Recently, I spoke at the University of Arizona’s IT Summit about Elixir and Phoenix and what makes them special.

I have grown to really like Elixir for it’s syntax, functional nature, and multi-process capabilities. Since I work in web applications primarily, of course I sought out different web frameworks to use Elixir for. It didn’t take long for me to find Phoenix and fall in love with it’s lightweight, Rails-inspired take on functional MVC web applications.

But what made me want to speak about them at the biggest IT conference in the Tucson area? There are two primary reasons: I want to get better at speaking and to help expose the University’s tech community to newer trends in the industry.

From my observations, the University IT sector (the part that’s not involved with teaching or research) tend to either swing toward Java or PHP. The part that I’m in is the PHP portion, where a lot of our solutions make use of Drupal and it’s endless ecosystem of modules. Unfortunately, I’ve come across a significant number of projects (and heard a number of horror stories) where Drupal was probably the last thing that should have been used. Of course, there’s a whole cycle and set of factors that help perpetuate this sort of thing, but I believe that the best way to help us get out of the PHP/Drupal rut is to lower the barrier to entry for other languages and frameworks. And, who better to help inform the people around me than me? I love learning new languages and frameworks and helping others come up with solutions based on the things I’ve learned. I love teaching these things and experimenting with others.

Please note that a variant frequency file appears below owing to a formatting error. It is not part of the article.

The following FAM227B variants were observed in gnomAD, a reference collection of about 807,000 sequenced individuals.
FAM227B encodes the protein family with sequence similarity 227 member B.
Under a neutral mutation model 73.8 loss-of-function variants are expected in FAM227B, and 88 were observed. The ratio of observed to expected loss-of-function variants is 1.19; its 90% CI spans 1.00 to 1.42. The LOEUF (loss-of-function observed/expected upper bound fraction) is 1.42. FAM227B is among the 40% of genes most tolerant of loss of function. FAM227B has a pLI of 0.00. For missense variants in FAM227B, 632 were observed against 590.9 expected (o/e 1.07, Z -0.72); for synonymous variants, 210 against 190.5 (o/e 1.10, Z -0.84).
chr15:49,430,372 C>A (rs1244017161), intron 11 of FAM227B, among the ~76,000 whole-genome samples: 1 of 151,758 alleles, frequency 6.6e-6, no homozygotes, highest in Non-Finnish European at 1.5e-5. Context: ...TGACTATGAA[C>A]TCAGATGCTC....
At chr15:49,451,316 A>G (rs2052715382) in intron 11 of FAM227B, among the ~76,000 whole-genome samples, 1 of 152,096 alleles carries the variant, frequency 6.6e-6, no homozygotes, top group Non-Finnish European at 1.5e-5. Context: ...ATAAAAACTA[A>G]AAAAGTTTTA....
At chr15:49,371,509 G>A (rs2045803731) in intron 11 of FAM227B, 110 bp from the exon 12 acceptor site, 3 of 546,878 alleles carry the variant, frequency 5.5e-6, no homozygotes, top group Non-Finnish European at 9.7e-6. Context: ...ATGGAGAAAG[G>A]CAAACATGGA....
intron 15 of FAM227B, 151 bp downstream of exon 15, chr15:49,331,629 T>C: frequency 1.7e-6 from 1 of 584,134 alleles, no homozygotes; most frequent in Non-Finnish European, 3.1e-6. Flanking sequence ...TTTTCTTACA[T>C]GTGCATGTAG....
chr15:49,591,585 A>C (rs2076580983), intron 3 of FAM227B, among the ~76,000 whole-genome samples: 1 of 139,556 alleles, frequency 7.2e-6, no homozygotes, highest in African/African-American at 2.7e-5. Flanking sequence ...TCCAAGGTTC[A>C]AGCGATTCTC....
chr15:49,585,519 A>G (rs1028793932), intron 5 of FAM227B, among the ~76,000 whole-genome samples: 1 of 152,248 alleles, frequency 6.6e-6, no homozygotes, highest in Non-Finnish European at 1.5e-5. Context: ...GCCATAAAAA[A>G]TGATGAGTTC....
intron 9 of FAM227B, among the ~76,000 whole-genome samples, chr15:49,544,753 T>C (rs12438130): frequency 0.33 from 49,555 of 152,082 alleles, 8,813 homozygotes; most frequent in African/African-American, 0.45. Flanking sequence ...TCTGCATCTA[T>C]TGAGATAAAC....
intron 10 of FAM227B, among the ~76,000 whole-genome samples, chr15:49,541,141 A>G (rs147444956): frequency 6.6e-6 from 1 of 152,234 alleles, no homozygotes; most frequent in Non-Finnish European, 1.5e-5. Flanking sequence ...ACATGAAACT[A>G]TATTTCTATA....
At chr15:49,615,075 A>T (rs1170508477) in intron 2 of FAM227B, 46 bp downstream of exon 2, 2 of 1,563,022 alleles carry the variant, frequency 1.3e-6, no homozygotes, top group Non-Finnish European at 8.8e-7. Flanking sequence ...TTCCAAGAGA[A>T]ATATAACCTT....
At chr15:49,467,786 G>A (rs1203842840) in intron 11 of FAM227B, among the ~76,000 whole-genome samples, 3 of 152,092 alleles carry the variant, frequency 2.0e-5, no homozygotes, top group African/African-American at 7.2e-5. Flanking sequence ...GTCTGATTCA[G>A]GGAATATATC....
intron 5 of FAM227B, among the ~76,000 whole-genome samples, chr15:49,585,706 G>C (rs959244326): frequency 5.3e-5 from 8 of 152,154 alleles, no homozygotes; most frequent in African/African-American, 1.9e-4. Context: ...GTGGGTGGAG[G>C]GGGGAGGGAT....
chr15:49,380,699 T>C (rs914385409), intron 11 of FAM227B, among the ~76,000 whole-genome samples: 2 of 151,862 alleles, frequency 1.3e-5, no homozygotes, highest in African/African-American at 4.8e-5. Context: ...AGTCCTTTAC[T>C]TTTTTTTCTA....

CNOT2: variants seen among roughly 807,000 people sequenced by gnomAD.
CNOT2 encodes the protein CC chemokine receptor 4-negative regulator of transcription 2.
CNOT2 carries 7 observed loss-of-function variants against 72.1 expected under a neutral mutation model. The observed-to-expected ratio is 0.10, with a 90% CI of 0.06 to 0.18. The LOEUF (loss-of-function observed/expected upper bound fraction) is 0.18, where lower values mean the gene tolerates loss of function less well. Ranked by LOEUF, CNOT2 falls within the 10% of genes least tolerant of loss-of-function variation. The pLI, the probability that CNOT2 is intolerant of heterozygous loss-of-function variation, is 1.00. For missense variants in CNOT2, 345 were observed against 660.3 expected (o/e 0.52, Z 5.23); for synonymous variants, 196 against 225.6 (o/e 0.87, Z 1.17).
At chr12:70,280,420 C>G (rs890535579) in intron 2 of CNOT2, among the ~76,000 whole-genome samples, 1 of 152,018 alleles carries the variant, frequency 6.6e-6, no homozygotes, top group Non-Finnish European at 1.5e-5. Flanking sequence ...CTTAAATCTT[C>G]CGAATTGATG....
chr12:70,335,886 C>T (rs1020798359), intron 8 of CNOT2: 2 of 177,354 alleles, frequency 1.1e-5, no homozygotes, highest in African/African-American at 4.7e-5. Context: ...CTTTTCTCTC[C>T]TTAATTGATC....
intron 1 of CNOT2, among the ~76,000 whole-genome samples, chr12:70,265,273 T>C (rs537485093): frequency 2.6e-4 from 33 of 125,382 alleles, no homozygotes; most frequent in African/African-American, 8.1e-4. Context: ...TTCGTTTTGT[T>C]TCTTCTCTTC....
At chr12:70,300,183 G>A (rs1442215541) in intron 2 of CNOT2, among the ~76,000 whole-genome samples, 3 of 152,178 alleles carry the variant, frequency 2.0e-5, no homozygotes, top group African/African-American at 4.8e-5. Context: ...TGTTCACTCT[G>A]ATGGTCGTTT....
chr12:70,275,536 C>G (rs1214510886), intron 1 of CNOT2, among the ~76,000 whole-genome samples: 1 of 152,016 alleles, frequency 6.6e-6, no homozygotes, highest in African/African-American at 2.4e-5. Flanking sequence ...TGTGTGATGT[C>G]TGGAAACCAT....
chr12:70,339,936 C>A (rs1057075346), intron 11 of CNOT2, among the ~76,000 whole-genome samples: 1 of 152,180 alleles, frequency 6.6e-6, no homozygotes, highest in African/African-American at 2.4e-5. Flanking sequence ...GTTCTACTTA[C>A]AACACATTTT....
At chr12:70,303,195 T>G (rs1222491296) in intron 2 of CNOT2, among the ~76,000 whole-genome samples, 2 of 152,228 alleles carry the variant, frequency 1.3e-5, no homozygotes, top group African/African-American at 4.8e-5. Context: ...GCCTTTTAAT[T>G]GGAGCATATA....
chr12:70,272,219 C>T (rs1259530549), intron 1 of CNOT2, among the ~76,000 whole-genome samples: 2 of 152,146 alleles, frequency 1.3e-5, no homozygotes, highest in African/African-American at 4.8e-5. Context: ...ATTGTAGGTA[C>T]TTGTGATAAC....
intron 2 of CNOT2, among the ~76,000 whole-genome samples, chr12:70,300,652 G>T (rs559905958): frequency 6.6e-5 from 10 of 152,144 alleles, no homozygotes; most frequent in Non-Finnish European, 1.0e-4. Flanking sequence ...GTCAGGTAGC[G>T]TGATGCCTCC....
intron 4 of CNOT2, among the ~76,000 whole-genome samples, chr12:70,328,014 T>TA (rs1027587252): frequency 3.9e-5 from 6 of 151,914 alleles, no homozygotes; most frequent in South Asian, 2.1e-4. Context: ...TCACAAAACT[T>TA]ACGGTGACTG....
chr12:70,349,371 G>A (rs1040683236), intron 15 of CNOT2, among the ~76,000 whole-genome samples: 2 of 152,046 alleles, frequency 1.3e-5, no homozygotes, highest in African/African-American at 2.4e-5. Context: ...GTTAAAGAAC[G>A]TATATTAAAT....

So, I set out early Spring as I was exploring Elixir and Phoenix to create a goal for speaking at the IT Summit in October. I’m happy to say that it was a great experience and I’m very glad my topic got picked, even though it was a bit unusualy. The talk had a good turnout and I had quite a few people interested in chatting after the presentation was over. One gentleman even taught me some things about the Windows world, explaining how F# has some very similar features as Elixir.

I hope to speak about cool and interesting things again in the future, if not at the IT Summit, then maybe elsewhere.

You can view my slides on their website. Note that my name is “Alex Wynter” there because Wynter is a preferred last name that I will be changing to in the future.